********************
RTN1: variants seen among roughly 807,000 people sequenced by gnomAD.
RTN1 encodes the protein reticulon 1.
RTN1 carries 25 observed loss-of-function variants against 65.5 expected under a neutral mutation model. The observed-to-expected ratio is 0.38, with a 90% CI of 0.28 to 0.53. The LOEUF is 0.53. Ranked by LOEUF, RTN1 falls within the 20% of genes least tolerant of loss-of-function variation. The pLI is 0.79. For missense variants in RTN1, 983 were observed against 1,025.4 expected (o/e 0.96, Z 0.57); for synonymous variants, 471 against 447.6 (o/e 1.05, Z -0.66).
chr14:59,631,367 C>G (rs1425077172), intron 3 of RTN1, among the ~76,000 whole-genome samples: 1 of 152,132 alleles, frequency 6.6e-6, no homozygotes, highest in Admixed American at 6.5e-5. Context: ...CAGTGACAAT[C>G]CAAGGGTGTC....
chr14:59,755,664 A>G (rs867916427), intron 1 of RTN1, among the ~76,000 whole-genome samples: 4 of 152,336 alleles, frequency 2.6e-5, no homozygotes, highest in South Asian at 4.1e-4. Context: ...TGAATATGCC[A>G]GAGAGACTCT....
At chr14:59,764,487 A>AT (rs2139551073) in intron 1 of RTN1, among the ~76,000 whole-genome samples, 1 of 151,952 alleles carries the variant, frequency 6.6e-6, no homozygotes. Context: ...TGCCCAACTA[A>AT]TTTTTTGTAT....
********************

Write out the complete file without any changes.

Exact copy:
RTN1: variants seen among roughly 807,000 people sequenced by gnomAD.
RTN1 encodes the protein reticulon 1.
RTN1 carries 25 observed loss-of-function variants against 65.5 expected under a neutral mutation model. The observed-to-expected ratio is 0.38, with a 90% CI of 0.28 to 0.53. The LOEUF is 0.53. Ranked by LOEUF, RTN1 falls within the 20% of genes least tolerant of loss-of-function variation. The pLI is 0.79. For missense variants in RTN1, 983 were observed against 1,025.4 expected (o/e 0.96, Z 0.57); for synonymous variants, 471 against 447.6 (o/e 1.05, Z -0.66).
chr14:59,631,367 C>G (rs1425077172), intron 3 of RTN1, among the ~76,000 whole-genome samples: 1 of 152,132 alleles, frequency 6.6e-6, no homozygotes, highest in Admixed American at 6.5e-5. Context: ...CAGTGACAAT[C>G]CAAGGGTGTC....
chr14:59,755,664 A>G (rs867916427), intron 1 of RTN1, among the ~76,000 whole-genome samples: 4 of 152,336 alleles, frequency 2.6e-5, no homozygotes, highest in South Asian at 4.1e-4. Context: ...TGAATATGCC[A>G]GAGAGACTCT....
At chr14:59,764,487 A>AT (rs2139551073) in intron 1 of RTN1, among the ~76,000 whole-genome samples, 1 of 151,952 alleles carries the variant, frequency 6.6e-6, no homozygotes. Context: ...TGCCCAACTA[A>AT]TTTTTTGTAT....